Opioid Policy

Why I don’t prescribe opioids for long-term pain:

Opioids—like oxycodone or morphine—have long been used for the treatment of pain. Many patients with chronic pain end up on opioid long-term, prescribed by well-meaning providers.  It may  seems like opioids are the only thing that makes the pain tolerable.  Many patients are frustrated when I share with them my policy of not prescribing opioids long-term. Let me explain why:

You may know about the increased media scrutiny, driven by high-profile deaths from overdoses of prescription opioids. Even if you aren’t a celebrity with drug-fueled parties,  the risk of dying is real, with  almost 19,000 deaths from prescription opioids in the U.S.  in 2014.  (1)   The majority of deaths (60%) actually occur when  patients are taking the doses that their doctor prescribed (as opposed to misusing or abusing the opioids).  (2)  This lead to the FDA recently mandating that opioids have a  “black box warning”—the strongest possible warning a drug can have–for “misuse, abuse, addiction, overdose and death (3). In addition, opioids have the usual side effects of fatigue, sleepiness, constipation, itching, and (of interest to my male patients) even lowered testosterone and erectile dysfunction.   Despite all this scary information, many of my patients say they want to take that risk regardless because the pain is so bad.

Which comes to my main point, which is that I don’t prescribe opioids because THEY DO NOT WORK FOR LONG TERM PAIN.  Imagine if you drank a six-pack of beer very day—eventually, your body gets used to it, and you need to drink more and more to have the same effect. It’s a similar concept with opioids—you body develops a tolerance so that for the same dose, you get less and less pain relief, but you are still exposed to the side effects (such as the risk of death).   Even worse, there’s lots of evidence showing that opioid use can make your body more sensitive to pain. (You can google opioid-induced hyperalgesia.) Imagine now if you had another injury or surgery—and the opioids don’t even work for you, and you’re more sensitive to pain.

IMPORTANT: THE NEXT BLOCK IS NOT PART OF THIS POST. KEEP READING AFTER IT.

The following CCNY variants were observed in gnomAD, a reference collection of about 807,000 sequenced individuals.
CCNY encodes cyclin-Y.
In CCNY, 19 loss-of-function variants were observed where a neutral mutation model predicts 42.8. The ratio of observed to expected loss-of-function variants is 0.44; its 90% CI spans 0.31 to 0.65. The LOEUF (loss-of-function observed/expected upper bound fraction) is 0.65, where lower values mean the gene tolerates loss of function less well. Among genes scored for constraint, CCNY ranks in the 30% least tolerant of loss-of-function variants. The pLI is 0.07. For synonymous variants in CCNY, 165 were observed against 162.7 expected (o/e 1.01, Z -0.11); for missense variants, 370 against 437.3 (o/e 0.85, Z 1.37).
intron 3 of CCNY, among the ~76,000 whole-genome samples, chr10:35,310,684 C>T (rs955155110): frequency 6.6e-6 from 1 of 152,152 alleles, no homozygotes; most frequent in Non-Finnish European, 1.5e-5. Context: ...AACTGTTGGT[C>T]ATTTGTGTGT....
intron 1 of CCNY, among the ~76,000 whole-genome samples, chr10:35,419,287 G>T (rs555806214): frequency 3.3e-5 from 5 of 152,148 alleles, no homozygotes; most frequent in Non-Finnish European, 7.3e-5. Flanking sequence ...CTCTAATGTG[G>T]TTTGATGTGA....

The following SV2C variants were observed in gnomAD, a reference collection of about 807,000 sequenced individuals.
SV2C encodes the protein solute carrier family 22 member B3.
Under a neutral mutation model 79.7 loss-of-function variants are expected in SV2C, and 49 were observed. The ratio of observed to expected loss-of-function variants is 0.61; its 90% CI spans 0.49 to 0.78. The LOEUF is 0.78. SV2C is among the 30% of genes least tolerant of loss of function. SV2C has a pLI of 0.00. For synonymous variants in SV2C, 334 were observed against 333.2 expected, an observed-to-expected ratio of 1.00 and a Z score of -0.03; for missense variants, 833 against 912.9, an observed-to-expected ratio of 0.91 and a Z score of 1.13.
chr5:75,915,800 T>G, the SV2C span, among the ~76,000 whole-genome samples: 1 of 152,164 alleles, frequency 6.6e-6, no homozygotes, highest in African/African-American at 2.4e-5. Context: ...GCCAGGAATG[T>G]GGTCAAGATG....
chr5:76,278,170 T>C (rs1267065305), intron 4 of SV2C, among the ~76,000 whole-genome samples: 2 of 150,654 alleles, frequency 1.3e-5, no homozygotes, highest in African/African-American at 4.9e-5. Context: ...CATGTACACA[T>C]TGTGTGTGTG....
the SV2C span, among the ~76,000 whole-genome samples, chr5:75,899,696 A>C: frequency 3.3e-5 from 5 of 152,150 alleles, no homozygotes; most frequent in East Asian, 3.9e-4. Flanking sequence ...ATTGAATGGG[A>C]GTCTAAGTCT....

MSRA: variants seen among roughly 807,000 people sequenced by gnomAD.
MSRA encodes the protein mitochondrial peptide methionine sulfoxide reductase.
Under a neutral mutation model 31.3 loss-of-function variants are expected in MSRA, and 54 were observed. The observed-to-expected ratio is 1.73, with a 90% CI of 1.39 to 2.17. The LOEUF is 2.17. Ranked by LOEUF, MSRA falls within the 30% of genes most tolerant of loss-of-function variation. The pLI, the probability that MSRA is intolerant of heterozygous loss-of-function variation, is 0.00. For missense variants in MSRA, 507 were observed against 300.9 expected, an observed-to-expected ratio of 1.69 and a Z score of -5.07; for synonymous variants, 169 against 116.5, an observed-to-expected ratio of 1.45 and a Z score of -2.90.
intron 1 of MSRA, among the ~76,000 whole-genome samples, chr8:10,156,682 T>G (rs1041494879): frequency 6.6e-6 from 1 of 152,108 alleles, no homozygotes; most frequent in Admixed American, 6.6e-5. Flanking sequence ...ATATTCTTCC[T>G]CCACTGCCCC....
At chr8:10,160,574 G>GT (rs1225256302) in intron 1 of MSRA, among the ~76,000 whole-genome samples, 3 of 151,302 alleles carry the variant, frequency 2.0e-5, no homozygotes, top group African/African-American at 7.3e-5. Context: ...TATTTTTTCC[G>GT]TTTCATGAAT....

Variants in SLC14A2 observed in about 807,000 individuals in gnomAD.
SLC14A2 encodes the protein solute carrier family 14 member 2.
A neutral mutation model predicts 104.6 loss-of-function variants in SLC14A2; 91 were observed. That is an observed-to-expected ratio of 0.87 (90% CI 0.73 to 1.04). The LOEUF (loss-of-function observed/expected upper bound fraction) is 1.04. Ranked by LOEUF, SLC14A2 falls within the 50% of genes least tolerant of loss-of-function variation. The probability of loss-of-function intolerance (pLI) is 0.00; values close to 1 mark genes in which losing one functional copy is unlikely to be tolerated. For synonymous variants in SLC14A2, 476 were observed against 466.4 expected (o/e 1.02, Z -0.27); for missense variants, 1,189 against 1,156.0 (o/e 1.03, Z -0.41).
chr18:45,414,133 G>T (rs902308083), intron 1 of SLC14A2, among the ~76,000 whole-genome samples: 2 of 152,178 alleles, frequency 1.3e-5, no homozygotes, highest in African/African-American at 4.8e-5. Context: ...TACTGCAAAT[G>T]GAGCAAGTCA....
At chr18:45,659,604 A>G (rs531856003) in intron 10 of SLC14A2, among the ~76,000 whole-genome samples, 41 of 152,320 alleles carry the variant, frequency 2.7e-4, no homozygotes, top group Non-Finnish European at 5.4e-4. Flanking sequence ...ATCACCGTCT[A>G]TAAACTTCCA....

It would be quite easy for me to simply prescribe you opioids, increasing the dose over time, and you might be happy for a while—until you reach the end of the road where your body needs dangerous amounts of the drug just to get through the day, but you’re still in pain and miserable, and not living the life you want. There may be other doctors who have a different philosophy than I do, and that is their decision.  But for my part, for my patients, my Hippocratic Oath demands that I first do no harm.   I absolutely think long-term opioid management is harmful.   If you are already on opioids, I will work with you to find other medications so that you can come down on the dose and eventually stop altogether. If you aren’t on opioids, unless you are dying from cancer, I will not start you on it for long-term treatment. Opioids effectively work on the same receptors as heroin. If you came to me for advice, and I suggested that you start taking heroin, you would be right to be skeptical, even if the drug worked temporarily to remove the pain.  Just because there’s a brand-name and a pharmaceutical company putting it in a nice pill doesn’t make it any less crazy.  There are many other things—physical therapy, other medications, basic and advanced procedures, and lifestyle modification–that we can try, if you’re willing to work together to keep trying.
Thank you for your understanding.



  1. http://www.cdc.gov/nchs/data/health_policy/AADR_drug_poisoning_involving_OA_Heroin_US_2000-2014.pdf
  2. http://www.painphysicianjournal.com/2012/july/2012;15;ES9-ES38.pdf
  3. http://www.fda.gov/NewsEvents/Newsroom/PressAnnouncements/ucm491739.htm